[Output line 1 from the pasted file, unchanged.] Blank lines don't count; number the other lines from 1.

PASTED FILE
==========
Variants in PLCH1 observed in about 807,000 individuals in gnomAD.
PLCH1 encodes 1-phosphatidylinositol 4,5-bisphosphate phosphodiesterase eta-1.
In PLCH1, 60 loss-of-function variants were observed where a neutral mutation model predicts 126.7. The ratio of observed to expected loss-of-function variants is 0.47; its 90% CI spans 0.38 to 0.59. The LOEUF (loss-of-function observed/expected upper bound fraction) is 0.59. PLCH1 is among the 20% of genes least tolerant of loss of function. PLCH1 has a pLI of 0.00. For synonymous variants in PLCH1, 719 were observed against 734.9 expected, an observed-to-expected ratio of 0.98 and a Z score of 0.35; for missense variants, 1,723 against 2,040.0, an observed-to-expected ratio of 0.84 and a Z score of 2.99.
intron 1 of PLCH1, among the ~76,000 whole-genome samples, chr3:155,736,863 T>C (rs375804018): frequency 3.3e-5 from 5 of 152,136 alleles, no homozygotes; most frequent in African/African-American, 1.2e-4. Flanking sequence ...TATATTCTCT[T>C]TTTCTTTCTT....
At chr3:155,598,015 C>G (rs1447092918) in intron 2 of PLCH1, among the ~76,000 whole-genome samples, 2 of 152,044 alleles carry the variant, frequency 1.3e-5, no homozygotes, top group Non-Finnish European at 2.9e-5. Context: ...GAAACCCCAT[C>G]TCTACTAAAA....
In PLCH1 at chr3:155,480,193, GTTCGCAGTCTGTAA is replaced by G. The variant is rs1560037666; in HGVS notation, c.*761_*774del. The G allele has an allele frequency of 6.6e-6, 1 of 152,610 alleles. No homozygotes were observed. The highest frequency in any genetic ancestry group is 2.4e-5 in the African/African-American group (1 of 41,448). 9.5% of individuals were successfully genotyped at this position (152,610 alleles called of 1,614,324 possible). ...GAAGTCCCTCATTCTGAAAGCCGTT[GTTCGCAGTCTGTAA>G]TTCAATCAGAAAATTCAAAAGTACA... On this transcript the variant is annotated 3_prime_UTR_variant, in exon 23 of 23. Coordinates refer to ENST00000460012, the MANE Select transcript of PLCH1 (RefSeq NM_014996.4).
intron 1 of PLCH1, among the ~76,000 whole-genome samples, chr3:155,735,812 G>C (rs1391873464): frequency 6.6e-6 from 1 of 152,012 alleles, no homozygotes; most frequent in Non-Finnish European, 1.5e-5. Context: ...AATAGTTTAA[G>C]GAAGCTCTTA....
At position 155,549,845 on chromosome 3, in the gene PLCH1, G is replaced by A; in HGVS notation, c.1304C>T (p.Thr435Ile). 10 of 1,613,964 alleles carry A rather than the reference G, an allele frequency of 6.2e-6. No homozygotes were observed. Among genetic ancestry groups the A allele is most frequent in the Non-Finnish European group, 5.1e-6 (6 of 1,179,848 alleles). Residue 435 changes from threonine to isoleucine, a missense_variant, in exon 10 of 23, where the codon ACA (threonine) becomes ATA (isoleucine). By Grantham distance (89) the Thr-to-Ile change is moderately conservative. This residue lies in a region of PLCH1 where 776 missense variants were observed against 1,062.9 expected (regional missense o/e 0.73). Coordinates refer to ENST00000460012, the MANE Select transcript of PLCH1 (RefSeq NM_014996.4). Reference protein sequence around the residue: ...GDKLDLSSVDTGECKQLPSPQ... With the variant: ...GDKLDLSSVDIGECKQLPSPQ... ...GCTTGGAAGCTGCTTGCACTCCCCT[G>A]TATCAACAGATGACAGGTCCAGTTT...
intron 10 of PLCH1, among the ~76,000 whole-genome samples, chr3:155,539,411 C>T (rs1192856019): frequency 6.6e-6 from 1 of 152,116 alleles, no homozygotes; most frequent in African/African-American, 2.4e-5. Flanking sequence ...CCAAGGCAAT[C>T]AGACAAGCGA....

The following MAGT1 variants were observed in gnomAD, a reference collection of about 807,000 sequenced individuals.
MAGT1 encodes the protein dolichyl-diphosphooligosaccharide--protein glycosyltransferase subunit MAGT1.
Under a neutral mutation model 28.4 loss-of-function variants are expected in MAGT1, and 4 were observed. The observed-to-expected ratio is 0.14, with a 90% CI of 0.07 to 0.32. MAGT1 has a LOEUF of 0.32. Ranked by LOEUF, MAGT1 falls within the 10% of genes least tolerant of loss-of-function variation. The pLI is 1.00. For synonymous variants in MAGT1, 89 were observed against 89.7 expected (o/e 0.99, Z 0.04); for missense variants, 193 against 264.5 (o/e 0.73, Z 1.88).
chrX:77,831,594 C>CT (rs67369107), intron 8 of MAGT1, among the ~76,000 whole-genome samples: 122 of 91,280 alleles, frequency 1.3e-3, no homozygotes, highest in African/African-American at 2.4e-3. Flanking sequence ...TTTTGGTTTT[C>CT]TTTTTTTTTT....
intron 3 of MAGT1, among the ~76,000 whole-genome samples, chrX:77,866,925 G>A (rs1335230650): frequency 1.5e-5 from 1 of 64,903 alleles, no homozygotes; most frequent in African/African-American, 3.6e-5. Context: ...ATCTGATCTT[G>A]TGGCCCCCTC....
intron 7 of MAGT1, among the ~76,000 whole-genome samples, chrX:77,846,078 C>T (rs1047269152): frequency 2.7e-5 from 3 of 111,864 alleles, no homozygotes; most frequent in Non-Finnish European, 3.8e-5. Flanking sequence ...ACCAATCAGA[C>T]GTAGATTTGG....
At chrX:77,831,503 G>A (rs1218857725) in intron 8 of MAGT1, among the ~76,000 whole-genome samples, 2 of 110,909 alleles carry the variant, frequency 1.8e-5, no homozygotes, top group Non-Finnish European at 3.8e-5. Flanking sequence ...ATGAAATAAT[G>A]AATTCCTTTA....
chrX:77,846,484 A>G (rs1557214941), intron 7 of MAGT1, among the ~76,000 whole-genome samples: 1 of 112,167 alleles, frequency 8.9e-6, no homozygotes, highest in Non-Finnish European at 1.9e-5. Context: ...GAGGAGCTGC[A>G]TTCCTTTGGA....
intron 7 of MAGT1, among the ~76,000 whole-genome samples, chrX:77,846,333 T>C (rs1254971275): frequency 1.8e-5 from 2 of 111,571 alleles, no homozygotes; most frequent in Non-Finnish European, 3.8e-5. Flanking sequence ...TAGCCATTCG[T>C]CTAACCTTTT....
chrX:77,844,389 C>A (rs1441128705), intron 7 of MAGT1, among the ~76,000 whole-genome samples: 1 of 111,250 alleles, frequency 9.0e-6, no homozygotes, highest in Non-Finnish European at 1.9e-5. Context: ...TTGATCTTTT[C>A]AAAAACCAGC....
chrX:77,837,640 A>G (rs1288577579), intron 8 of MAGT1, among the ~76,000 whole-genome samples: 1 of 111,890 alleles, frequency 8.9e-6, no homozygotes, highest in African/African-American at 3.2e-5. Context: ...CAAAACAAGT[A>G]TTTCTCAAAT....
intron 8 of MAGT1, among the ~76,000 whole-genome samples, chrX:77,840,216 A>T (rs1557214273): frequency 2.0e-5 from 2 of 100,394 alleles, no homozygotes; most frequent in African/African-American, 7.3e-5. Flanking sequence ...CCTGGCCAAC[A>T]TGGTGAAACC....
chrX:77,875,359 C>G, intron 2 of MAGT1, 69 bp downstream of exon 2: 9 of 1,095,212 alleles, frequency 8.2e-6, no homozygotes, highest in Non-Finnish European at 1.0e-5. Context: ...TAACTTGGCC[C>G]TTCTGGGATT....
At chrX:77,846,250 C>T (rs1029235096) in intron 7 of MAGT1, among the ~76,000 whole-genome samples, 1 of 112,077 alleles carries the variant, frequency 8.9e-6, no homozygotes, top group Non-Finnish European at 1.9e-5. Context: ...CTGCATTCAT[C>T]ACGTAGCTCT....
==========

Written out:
Variants in PLCH1 observed in about 807,000 individuals in gnomAD.